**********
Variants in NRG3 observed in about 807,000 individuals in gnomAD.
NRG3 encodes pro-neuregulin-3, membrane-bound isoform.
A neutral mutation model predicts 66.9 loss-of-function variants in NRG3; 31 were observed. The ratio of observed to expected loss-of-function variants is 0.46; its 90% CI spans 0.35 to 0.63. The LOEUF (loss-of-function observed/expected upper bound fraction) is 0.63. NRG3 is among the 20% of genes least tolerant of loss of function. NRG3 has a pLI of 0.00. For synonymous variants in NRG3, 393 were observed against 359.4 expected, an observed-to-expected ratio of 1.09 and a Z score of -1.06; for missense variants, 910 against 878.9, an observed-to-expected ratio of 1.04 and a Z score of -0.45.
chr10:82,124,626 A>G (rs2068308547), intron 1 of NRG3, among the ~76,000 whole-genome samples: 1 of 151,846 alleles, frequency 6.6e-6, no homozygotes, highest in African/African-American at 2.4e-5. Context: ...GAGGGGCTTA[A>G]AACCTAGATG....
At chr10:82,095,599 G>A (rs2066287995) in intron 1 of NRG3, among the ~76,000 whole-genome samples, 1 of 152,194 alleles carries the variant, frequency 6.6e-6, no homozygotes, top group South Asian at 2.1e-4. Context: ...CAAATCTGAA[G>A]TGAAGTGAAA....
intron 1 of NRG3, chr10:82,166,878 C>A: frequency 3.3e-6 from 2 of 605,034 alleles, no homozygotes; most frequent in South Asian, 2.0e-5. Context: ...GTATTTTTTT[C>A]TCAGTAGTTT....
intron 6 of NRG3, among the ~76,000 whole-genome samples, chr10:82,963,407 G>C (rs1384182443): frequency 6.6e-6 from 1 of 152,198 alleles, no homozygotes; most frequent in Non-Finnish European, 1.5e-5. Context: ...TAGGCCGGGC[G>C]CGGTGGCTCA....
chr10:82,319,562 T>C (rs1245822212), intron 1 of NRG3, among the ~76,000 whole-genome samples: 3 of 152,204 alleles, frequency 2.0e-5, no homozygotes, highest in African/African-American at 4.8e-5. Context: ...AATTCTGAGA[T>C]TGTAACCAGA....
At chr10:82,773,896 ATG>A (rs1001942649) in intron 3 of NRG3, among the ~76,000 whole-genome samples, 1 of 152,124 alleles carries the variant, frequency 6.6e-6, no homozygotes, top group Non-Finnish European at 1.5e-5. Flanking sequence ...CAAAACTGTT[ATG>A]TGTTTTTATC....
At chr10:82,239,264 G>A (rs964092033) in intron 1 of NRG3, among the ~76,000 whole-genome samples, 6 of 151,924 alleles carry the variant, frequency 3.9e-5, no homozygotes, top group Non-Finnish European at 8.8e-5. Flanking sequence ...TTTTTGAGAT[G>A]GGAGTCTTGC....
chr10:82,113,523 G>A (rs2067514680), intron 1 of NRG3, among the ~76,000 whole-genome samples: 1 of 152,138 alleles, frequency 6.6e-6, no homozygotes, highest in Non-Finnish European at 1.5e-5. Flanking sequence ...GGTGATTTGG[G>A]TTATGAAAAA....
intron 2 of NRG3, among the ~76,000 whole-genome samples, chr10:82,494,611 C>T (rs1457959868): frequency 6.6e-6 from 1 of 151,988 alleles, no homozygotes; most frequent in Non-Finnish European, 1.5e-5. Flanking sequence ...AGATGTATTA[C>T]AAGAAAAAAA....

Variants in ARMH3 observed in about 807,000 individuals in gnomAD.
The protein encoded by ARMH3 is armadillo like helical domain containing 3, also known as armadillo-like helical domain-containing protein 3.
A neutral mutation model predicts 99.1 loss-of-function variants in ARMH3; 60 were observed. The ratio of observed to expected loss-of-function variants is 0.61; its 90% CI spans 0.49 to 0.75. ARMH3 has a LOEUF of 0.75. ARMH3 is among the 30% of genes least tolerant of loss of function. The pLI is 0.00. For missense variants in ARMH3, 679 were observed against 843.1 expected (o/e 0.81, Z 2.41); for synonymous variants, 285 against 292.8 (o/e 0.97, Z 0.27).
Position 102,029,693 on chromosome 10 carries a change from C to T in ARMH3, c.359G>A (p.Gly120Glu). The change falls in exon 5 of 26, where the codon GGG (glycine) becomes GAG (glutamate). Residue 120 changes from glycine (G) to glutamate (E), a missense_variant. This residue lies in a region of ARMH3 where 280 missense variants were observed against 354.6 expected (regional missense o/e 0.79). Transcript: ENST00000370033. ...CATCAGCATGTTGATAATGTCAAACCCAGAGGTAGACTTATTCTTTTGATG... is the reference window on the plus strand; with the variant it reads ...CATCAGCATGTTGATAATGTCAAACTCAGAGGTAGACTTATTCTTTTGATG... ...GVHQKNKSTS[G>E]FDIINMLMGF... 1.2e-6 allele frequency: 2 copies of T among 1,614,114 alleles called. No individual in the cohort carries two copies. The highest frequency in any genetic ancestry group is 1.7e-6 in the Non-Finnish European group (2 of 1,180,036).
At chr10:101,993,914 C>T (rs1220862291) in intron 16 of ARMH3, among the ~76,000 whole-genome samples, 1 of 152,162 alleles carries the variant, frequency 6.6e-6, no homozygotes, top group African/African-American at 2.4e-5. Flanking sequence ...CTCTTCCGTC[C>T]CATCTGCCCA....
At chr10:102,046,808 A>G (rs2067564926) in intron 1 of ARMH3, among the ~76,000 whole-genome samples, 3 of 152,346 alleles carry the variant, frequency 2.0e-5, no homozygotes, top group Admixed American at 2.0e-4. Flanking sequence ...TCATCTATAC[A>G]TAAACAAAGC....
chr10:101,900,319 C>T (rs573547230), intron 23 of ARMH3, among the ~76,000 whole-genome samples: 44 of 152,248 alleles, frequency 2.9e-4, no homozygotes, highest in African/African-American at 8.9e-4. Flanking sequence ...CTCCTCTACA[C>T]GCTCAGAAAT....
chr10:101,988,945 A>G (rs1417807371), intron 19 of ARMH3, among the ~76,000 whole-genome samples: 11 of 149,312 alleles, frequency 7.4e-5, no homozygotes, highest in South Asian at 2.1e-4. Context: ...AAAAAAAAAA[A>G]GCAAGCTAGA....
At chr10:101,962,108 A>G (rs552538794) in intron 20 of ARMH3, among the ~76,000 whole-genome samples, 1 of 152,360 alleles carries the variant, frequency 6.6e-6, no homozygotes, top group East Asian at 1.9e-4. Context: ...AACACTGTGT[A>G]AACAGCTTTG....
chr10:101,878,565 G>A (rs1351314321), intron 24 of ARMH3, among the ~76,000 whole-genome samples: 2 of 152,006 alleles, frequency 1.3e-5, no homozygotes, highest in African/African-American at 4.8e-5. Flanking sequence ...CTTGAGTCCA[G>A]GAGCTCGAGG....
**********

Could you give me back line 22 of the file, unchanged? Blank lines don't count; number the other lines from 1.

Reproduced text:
chr10:101,878,565 G>A (rs1351314321), intron 24 of ARMH3, among the ~76,000 whole-genome samples: 2 of 152,006 alleles, frequency 1.3e-5, no homozygotes, highest in African/African-American at 4.8e-5. Flanking sequence ...CTTGAGTCCA[G>A]GAGCTCGAGG....